With my one-hour program (seven exercises) only the third (final) set of each exercise is always done to complete muscular failure, and you get some rest between sets-usually no more than one minute and only after squats, deadlifts and leg presses. For the hour-long workout I use the "controlled failure" method for the first two work sets of each exercise. Using this method you stop at the rep goal for the set, if it's reached. If the goal isn't reached, and you went all out, then you reached muscular failure. The half-hour program (six exercises) has a maximum of only two work sets per exercise, but both are done to complete muscular failure with very little (or no) rest between sets.

Both workouts are brutal and take some getting used to, but I make all newcomers start with the one-hour program. If they adapt well to the program and show that they have the ability to train hard, and are mentally tough, they have the option of switching to the half-hour program.

Here's how Drew Israel describes the difference between my half-hour and one-hour programs: "Bob's hour program is like taking body blows and shots to the head. But the half-hour program is all shots to the head. With both programs you end up on the floor."

My clients have to prove that they are really ready if they want to switch to the half-hour workout. It's not the physical factor I'm looking at; it's mainly the mental factor. To make the half-hour workout productive you must be willing to go all out and hold nothing back. You must be willing "to go down with the ship." You have to have the right mental state to make it work. Many do not. But it's a good system because you get rewarded with a cheaper rate for your mental and physical toughness.

The equipment you have available is a big factor in determining which program would work best for you. You need to have all equipment pre-loaded before starting the workout. If, for example, you only have a single barbell that you use for all exercises, the half-hour workout isn't practical.

The better your mental focus, the more you are able to get good results from one or two sets to failure per exercise. (To help you increase your mental focus, and effort level, apply what you learn from the excellent article titled "The White Moment," by John Christy, in hardgainer issue #40.) There are many trainees who will not get good results from one or two sets to failure. But it's not because one or two sets to failure doesn't work. It's because the individual has failed to understand and apply what true muscular failure is.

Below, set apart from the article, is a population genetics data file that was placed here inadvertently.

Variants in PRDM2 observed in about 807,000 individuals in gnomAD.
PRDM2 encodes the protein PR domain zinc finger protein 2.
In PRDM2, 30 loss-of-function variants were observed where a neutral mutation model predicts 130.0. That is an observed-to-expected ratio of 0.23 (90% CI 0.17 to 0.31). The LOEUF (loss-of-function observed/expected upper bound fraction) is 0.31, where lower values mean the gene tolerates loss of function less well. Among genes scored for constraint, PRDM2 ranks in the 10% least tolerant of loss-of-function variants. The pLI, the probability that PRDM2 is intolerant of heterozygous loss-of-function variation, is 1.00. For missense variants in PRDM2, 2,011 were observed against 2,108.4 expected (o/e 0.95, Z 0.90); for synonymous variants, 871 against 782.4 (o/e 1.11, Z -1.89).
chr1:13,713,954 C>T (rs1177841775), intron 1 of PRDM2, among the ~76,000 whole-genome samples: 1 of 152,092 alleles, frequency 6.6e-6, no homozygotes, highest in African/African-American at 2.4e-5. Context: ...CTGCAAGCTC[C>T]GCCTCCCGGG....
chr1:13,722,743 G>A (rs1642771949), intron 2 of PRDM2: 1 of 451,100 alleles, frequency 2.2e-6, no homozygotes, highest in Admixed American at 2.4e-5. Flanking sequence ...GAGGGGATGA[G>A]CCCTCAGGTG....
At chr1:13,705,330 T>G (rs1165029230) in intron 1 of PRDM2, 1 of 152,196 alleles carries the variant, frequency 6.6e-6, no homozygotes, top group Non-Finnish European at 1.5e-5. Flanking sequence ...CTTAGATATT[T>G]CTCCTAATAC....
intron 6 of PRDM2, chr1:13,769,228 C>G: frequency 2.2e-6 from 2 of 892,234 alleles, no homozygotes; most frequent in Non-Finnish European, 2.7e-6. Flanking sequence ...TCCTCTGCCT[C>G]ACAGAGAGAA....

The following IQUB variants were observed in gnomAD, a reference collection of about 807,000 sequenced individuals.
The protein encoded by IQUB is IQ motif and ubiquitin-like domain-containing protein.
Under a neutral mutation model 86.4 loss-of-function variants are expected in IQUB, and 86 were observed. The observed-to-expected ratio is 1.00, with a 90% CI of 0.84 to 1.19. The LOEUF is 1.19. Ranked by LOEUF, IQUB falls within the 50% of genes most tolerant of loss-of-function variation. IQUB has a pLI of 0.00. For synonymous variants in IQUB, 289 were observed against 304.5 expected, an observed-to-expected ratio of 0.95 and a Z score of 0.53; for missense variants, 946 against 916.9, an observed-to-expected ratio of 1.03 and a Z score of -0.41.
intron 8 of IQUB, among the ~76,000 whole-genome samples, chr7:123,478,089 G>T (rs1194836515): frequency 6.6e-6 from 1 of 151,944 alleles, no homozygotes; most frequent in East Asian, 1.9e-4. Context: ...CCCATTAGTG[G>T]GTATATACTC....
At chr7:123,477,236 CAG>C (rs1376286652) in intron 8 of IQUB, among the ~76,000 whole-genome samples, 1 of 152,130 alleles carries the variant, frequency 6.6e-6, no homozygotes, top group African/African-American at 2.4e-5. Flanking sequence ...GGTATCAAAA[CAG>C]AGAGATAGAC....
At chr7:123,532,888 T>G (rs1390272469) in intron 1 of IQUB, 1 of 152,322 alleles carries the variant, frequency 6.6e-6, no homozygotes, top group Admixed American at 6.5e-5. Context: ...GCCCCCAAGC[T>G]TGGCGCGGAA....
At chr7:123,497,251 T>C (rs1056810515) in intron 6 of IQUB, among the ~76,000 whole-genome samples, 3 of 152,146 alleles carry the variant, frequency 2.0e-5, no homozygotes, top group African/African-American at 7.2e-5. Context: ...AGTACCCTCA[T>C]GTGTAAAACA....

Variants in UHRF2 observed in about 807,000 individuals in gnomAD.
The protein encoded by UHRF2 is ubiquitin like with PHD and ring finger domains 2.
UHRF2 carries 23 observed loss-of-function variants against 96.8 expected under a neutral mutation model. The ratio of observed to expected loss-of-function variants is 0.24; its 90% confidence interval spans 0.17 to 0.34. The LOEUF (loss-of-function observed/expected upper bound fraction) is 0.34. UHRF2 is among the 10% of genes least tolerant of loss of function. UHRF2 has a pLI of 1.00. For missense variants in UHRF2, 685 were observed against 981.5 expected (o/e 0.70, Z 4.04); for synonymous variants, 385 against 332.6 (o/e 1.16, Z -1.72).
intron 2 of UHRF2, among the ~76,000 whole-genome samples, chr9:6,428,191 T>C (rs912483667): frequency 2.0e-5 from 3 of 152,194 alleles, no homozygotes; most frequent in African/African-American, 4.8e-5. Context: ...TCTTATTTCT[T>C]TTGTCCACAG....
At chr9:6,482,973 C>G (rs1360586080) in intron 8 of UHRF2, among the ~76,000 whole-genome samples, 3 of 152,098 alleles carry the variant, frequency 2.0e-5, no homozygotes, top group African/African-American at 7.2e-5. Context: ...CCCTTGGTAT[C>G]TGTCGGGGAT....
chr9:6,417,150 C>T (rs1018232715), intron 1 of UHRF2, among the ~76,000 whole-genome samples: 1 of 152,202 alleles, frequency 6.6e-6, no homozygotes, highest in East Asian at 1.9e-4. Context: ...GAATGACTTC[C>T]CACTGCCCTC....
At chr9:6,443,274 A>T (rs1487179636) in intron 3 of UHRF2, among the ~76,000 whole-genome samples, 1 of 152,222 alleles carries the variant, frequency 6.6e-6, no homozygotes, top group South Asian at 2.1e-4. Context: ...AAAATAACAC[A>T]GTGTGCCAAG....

I've been experimenting in my own training with just one set to failure. I've always known that it works, but have never used it. I've always felt better doing at least two sets to failure per exercise. My friendship with Drew Israel influenced me to give it a try. When you see how big and strong Drew is, you can't help but be influenced. Since November 1996 I've only done one set to failure per exercise in my own training. I'm stronger than ever and training with weights for less than one hour per week-two training days per week, less than half an hour for each session. In a recent visit to Drew's place I got 500 lbs for 10 reps in the Hammer Leg Press with a dead stop pause on each rep. It works for me, Drew, and others, because we understand what complete muscular failure is, and what type of mental focus is needed.

Of course, it's important always to have good mental focus, but the fewer sets that you do (per exercise), the more important that mental focus is. If you do one set to failure, you can't have a lapse in concentration because you can't make it up in later sets. You must be "on" throughout each set. There is no room for mistakes. Every one must be a quality, all-out, kick-ass, life-and-death set or else you will be wasting your time and doing nothing more than burning calories. It's not merely thinking positively. You must combine anger and aggression with positive thinking. Get mad at the weights. Growl, scream, and let yourself go! It's life and death. It's combat. You must have the attitude that you are going to war. If you can't (or won't) do this, you are better off with multiple sets.

If you can finish the repetition, then you can't be at positive muscular failure because the weight is still moving in a positive direction. You must try one more rep. Positive muscular failure is not when the weight feels heavy. It's not when you are shaking and your muscles ache. Positive muscular failure is when the weight ceases to move in a positive direction even though you are pushing or pulling as hard as you can. But this is just the first part of a complete set to failure.